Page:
• The farmers will be paid 12% interest by insurance companies for the delay in settlement claims beyond two months of prescribed cut-off date. 
  • State Governments will have to pay 12% interest for the delay in release of State share of subsidy beyond three months of prescribed cut-off date submission of requisition by insurance companies.
  • The Government has also decided to include perennial horticultural crops under the ambit of PMFBY on a pilot basis.
  • The scheme, as per the new operational guidelines provides add on coverage for crop loss due to attack of wild animals, which will be implemented on a pilot basis.
  • Aadhaar number will be mandatorily captured to avoid duplication of beneficiaries.
  • Insurance companies:-
    • In order to ensure that more non-loanee farmers are insured under the scheme, apart from various awareness activities being scheduled, the insurance companies are given a target of enrolling 10% more non-loanee farmers than the previous corresponding season.
    • The new operational guidelines also detail a Standard Operating Procedure for evaluation of insurance companies and remove them from the scheme if found ineffective in providing services.
    • The insurance companies will have to mandatorily spend 0.5% of gross premium per company per season for publicity and awareness of the scheme.
    • The new operational guidelines address the current challenges faced while implementing the scheme by putting forth effective solutions.
    • The much demanded rationalization of premium release process has been incorporated in the new guidelines.
    • As per this, the insurance companies need not provide any projections for the advance subsidy.
    • Release of upfront premium subsidy will be made at the beginning of the season based on 50% of 80% of total share of subsidy of corresponding season of previous year as GOI/State subsidy.
    • Balance premium will be paid as a second instalment based on the specific approved business statistics on the portal for settlement of claims.
    • Final installment will be paid after reconciliation of entire coverage data on portal based on final business statistics. This will reduce the delay in settling the claims of farmers.

TopicEffects of liberalization on the economy, changes in industrial policy and their effects on industrial growth.

5) Most of the blame for the implosion of the financial sector in 2007-08 lies in the failure of regulation. Comment. Also discuss what are the core issues that still need to be resolved to prevent such crisis in the future.(250 words)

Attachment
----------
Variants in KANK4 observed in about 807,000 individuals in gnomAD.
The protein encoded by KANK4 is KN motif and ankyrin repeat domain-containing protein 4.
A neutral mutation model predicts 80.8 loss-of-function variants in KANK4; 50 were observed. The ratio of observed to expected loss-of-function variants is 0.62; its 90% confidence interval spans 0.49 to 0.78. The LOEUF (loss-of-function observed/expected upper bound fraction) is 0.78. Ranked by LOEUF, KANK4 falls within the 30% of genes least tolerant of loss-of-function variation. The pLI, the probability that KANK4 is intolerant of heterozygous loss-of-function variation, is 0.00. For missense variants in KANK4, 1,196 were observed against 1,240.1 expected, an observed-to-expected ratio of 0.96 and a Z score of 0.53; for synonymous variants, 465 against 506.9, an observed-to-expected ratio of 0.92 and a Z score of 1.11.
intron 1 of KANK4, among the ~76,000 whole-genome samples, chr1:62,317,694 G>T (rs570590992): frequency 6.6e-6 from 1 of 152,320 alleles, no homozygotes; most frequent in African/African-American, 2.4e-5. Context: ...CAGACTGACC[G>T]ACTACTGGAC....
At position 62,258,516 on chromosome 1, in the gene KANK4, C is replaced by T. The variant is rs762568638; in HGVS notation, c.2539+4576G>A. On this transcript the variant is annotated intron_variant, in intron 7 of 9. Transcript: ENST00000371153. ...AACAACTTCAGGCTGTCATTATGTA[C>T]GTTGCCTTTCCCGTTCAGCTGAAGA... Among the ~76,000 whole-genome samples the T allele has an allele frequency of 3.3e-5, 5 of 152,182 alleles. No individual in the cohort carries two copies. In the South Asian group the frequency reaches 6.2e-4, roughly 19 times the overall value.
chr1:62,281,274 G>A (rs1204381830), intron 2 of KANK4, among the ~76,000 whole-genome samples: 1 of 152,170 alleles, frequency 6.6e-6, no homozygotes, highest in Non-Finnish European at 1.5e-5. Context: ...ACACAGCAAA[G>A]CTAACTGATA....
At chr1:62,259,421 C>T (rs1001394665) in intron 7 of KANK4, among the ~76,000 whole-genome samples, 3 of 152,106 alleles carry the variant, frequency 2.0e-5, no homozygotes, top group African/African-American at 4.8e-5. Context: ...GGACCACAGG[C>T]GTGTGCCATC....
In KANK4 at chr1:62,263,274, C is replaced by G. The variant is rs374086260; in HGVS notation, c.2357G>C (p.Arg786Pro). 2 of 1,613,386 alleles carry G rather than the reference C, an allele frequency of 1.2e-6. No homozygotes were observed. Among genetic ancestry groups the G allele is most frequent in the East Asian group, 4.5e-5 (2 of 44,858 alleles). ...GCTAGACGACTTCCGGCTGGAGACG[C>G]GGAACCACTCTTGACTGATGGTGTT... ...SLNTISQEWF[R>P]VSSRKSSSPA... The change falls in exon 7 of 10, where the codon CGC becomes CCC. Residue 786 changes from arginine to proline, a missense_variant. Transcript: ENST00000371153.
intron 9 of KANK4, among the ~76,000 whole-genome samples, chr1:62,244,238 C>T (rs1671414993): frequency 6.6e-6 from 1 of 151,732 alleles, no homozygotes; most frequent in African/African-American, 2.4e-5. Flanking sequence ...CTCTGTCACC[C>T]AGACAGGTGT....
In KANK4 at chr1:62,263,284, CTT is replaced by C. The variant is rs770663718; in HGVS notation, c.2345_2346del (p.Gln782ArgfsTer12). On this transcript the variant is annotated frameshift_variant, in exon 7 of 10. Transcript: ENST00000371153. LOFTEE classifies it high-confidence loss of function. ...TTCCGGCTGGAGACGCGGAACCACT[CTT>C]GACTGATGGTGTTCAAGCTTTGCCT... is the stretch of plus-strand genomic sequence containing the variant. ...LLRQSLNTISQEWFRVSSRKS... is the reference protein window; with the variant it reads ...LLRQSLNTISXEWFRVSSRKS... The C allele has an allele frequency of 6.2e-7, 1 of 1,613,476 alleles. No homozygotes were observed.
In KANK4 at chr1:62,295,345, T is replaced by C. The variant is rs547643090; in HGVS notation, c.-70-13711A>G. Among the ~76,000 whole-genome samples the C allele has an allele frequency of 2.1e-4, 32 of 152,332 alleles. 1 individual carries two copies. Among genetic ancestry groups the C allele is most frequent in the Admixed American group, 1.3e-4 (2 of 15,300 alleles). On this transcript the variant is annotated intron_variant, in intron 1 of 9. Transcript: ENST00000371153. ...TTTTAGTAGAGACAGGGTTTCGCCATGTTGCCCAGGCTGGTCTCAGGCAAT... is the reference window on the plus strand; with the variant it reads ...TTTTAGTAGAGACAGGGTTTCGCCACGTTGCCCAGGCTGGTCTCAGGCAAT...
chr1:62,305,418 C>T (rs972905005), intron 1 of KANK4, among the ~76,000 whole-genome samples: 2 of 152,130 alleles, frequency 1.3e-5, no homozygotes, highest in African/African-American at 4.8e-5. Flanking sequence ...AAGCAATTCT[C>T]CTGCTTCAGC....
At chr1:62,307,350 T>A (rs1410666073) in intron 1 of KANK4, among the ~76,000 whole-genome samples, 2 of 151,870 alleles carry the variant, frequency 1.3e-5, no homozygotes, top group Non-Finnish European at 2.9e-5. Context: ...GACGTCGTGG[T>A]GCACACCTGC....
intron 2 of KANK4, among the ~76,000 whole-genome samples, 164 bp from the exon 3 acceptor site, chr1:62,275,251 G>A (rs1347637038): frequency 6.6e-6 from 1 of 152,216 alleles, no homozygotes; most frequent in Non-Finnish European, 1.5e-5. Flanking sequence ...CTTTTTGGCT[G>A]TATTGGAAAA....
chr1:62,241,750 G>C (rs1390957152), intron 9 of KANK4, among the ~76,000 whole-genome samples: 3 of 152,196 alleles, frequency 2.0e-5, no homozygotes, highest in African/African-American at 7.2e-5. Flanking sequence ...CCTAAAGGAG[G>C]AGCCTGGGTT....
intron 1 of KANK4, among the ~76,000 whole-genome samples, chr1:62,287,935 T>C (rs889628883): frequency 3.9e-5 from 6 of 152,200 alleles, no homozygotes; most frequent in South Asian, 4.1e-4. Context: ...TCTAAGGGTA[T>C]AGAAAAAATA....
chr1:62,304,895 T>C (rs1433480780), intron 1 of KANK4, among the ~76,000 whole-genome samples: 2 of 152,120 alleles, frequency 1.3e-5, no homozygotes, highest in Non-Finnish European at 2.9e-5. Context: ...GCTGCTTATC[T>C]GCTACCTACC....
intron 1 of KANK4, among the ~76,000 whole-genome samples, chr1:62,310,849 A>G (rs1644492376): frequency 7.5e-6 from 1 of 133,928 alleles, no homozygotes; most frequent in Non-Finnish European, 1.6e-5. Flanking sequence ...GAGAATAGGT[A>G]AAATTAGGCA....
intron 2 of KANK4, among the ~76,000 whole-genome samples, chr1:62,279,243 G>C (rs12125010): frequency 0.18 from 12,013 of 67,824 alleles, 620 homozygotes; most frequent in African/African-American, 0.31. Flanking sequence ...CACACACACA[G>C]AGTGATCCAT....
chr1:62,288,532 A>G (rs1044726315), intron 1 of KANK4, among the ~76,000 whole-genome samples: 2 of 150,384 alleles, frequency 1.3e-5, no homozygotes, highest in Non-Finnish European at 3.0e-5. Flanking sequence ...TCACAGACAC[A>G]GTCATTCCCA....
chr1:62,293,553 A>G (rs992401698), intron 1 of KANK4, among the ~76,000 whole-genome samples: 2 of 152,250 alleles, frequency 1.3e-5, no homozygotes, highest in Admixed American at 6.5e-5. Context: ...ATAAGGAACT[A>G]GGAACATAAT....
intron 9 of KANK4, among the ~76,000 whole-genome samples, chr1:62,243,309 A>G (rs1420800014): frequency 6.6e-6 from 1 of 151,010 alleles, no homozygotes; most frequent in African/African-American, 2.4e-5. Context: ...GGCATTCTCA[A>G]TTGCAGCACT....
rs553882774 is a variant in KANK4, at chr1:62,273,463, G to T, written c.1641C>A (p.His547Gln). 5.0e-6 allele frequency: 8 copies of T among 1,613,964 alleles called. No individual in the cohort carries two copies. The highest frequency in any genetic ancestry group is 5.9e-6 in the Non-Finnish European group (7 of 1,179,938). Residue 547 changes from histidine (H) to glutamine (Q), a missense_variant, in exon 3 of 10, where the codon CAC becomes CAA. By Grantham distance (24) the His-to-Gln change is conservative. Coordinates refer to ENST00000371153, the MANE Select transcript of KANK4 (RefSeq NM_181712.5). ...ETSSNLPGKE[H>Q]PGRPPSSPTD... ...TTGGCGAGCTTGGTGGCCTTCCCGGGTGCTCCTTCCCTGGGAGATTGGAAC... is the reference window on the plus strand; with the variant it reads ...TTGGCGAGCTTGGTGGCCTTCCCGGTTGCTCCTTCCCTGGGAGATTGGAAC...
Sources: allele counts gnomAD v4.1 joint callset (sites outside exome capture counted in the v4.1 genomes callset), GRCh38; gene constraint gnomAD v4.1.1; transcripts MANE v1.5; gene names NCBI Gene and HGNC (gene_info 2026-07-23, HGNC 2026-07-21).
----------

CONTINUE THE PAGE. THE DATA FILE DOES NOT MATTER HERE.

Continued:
The hindu

Why this question

The 2008 subprime financial crisis had a devastating effect on global economy.It is important to understand how the crisis was largely a result of regulation failure, and what needs to be done to prevent such crisis in the future.

Directive word

Comment- here we have to express our knowledge and understanding of the issue and form an overall opinion thereupon.

Discuss- this is an all-encompassing directive which mandates us to write in detail about the key demand of the question.

Key demand of the question.

The question wants us to express our opinion as to whether the blame for the implosion of the financial sector in 2007-08 lies in the failure of regulation, or not. It also wants us to write in detail as to what are the still unresolved issues which need to be resolved in order to prevent any such incident in the future.

Structure of the answer

Introduction- write a few introductory lines about the 2008 financial crisis and mention the factors other than regulation failure, which have been implicated for the crisis. E.g Global macroeconomic imbalances, a loose monetary policy in the U.S., the housing bubble in the U.S. again and elsewhere, a bloated financial sector, a flawed belief in efficient markets, greedy bankers, incompetent rating agencies.

Body-

  • discuss how the regulation failure was the main cause behind the crisis. E.g One, banks were allowed extraordinarily high levels of debt in relation to equity capital. Two, banks in the advanced economies moved away from the business of making loans to investing their funds instead in complex assets called “securitised” assets. The securitised assets consisted of bundles of securities derived from subprime loans, that is, housing loans of relatively higher risk etc.